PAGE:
A few weeks earlier I had finished reading a book about a girl who was dying of cancer. She had known she was sick because her pee had been brown. When I saw the brown stuff all over my underwear and clothes I at first thought that I had somehow pooped my pants while I slept, then I was suddenly certain that I had cancer. I was going to die. I sat on the toilet for a minute while I peed (not noticing that my pee was nice and yellow) and cried. Then, when I went to wipe I noticed blood on the tissue. And that’s when that fateful day in fifth grade came flooding back. This must be that period thing that the nurse tried to warn me about.
I was immediately mortified. I had no idea what to do. I pulled up my ruined underwear and my pajama bottoms and ran to my room. I grabbed some fresh undergarments and hurried back to the bathroom as nonchalantly as possible. I didn’t want anyone to ask what I was doing. I traded out the dirty underoos for clean ones and hid the gross pair as far down in the trash can as I could. I stuffed some tissue in my pants to catch the blood incase there was more coming out and then I sat in the bathroom with the door locked trying to figure out what to do next.
I did not want to tell my mom. But I was terrified. Should I say period to her? Would she be mad? Is period a bad word? Is there a better way to say it? Maybe I should just keep the tissue in there and it will stop soon. Wait, not it won’t…it’s going to last until I’m 60. That’s it, I want to die. Or be a boy. Because this is weird and scary and maybe it’s actually cancer. I stewed for a long time.
Then I walked out to the nearby kitchen and said, quietly, “mom, I think I have my period”
“Did you take care of it” she said.
I said “yes” and headed back into the bathroom. I opened the cupboards under the sink and pulled out the pads boxes that were under there. I had seen them in there before but never paid much attention. I sat on the floor and read the back of the box. I cried. I hated myself. I wanted to be a boy. I pulled out a pad the size of a $2000 Serta mattress, peeled it the way the nurse from the 5th grade ambush had, and stuck it in my underwear. I spent the rest of the day in my room, reading cleaning, and stressing about that pad that I was certain everyone could tell I was wearing and was super grossed out by.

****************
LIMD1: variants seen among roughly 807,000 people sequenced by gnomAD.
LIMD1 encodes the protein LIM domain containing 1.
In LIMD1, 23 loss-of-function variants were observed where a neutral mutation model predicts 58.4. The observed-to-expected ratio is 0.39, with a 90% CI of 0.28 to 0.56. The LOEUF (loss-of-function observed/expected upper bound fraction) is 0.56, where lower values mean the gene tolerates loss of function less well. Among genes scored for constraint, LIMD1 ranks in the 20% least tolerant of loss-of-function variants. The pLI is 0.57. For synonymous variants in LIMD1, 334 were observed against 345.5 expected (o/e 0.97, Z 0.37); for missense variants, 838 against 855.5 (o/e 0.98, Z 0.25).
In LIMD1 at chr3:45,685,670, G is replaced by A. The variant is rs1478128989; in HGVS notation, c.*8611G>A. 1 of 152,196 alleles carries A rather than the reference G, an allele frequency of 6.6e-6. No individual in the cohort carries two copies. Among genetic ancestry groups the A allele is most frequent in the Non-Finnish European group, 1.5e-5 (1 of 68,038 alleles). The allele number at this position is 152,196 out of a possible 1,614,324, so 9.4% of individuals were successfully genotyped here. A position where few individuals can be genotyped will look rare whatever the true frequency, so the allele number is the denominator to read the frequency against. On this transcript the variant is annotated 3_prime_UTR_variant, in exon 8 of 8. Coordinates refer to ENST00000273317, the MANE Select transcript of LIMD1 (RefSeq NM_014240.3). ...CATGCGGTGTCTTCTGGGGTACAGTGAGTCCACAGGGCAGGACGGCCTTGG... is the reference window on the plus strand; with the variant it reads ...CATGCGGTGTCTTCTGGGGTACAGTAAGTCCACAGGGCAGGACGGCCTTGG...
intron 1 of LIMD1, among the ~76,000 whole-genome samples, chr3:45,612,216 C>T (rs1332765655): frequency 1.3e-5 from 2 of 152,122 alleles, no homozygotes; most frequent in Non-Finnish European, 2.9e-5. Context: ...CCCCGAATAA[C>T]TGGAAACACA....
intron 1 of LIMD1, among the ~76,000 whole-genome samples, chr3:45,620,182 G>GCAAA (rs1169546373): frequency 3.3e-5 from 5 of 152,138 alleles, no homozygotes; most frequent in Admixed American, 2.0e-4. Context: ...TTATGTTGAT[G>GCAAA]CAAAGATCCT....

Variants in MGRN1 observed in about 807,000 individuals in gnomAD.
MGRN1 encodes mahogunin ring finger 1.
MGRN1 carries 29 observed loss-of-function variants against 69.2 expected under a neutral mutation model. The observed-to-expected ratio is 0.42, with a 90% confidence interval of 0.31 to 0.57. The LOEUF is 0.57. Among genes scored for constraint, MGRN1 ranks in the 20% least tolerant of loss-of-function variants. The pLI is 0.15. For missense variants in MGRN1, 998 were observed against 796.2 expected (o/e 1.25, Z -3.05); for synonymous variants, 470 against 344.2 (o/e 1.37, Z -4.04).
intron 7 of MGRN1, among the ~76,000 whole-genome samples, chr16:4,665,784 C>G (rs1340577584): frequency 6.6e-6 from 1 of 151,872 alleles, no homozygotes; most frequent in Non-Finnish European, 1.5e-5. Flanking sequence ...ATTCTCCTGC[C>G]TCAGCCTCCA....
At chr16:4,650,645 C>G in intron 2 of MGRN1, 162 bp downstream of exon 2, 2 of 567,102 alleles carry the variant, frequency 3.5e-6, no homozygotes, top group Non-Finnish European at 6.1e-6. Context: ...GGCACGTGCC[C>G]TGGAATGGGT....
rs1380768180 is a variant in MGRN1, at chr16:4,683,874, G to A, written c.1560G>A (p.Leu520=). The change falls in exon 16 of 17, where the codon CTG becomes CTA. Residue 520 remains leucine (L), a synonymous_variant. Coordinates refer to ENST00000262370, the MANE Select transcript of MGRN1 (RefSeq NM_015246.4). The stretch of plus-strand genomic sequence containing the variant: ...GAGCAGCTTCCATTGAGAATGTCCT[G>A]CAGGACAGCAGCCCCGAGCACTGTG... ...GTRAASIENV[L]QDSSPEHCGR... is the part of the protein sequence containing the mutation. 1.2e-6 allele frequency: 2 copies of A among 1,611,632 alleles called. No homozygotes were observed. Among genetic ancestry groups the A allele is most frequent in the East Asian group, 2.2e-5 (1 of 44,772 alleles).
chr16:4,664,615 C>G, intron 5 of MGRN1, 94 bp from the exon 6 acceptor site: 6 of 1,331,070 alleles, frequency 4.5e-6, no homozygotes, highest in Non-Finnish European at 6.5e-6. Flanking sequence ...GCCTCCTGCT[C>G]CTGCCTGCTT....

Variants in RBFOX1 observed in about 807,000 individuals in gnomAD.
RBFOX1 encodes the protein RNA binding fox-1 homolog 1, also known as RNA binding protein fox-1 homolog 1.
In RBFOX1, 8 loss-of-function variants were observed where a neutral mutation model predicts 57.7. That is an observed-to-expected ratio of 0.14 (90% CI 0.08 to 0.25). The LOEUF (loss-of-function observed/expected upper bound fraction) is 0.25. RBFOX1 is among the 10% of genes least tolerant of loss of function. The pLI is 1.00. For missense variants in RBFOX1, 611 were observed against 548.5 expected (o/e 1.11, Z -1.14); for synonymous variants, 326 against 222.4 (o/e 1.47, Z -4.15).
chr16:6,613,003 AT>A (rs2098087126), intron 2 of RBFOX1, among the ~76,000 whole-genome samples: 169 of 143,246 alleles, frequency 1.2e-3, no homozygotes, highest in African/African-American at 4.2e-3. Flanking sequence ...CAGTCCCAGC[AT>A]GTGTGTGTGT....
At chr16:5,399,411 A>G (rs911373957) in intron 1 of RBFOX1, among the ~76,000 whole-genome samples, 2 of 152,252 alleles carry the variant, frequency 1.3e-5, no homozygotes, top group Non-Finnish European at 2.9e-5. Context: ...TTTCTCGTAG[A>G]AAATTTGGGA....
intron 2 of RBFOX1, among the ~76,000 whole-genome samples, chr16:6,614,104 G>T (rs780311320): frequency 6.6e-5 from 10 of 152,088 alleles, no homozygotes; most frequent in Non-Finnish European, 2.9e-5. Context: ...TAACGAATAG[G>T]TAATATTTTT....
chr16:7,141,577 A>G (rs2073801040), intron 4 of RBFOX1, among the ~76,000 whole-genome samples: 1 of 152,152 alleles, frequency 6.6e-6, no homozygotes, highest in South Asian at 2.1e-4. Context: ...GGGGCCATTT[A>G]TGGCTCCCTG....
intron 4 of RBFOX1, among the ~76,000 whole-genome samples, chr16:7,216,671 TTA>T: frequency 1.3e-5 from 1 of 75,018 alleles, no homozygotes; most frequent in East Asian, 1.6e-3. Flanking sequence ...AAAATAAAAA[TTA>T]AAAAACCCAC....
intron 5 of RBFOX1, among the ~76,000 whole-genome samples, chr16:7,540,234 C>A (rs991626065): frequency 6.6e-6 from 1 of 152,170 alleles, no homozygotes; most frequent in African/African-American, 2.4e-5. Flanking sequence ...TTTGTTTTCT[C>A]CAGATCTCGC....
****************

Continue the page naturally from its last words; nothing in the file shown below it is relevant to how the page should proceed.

Ten days later that period stopped and I made sense of the fact that I would have them once a month, not every day. Small consolation.
My periods plagued me for years after. I was not aware that tampons were a possibility until I was well into high school and I was too afraid to use them until after I was married. My flow was incredibly heavy and borderline hemorrhage and I had more accidents than I care to admit. When I would have one I would fake sick from school and go home for the day. I would NEVER tell anyone the real reason why.
If I started my period at school or away from home and had forgotten to tuck some mattresses into my backpack I would fake sick and get home as soon as possible. I would never ask for a pad from a friend or the school nurse, no one. I didn’t talk about it with my sisters or friends. I didn’t talk about it all.
I once slept over at a friends house in junior high. I woke up in the middle of the night and realized I had started my period. I had not come prepared but figured, no big deal, I’ll just find a pad in their bathroom, they should have one. There was just one box of tampons on a shelf. I was doomed. I packed my bag, told my friend I wasn’t feeling well, and walked home in the dark, alone, at 2am so I could get a pad.
Periods were constantly an area of shame and embarrassment. I would cry month after month when my period started and long to be a boy.
I do not want that for my daughters.
I do not.
Periods are a subject that is becoming more and more talked about. And thank goodness because it’s so normal and natural. In our family we talk about it at the dinner table. With all of our kids. I draw diagrams. We laugh, we ask questions. We talk about arm pit hair and cramps and we talk about boys and penises. We talk about the beauty and power in our bodies and their ability to carry children and how that wouldn’t be possible without periods. We just talk.
Because, I think it’s important that girls understand from a very young age, that periods are in fact, not cancer.